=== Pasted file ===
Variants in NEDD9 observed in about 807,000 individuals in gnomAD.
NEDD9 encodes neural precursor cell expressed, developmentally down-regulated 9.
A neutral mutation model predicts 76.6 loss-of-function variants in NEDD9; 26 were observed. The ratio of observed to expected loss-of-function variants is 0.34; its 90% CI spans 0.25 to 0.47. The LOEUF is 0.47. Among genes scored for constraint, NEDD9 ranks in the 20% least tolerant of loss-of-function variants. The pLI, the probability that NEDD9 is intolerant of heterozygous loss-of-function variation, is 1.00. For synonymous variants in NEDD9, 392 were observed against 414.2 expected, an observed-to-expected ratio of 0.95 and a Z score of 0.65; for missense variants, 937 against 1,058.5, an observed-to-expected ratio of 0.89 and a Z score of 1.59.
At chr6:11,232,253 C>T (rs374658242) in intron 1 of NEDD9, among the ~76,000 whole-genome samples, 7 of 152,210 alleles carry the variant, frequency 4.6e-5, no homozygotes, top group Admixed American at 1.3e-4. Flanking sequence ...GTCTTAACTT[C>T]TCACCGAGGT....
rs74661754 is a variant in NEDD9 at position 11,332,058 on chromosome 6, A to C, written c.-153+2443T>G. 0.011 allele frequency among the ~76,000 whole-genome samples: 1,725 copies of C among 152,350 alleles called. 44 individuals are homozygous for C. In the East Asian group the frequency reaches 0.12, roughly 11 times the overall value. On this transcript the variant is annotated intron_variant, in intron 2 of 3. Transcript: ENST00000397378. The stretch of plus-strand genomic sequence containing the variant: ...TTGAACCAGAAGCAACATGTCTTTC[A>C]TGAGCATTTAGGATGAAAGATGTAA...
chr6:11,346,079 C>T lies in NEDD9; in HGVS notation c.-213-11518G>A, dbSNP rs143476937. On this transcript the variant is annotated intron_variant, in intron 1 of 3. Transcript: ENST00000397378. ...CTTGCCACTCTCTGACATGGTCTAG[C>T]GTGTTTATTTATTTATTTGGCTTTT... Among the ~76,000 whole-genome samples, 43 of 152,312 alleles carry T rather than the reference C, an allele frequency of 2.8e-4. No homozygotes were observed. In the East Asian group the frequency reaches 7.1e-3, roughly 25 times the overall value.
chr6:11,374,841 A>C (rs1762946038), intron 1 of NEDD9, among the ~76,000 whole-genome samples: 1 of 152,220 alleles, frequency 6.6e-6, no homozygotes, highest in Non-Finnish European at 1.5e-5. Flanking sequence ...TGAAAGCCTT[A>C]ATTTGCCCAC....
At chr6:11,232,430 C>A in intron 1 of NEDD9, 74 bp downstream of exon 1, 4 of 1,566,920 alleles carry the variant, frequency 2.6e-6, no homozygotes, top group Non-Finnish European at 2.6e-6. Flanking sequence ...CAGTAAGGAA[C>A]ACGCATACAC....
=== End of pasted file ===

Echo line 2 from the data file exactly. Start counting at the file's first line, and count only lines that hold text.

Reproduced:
NEDD9 encodes neural precursor cell expressed, developmentally down-regulated 9.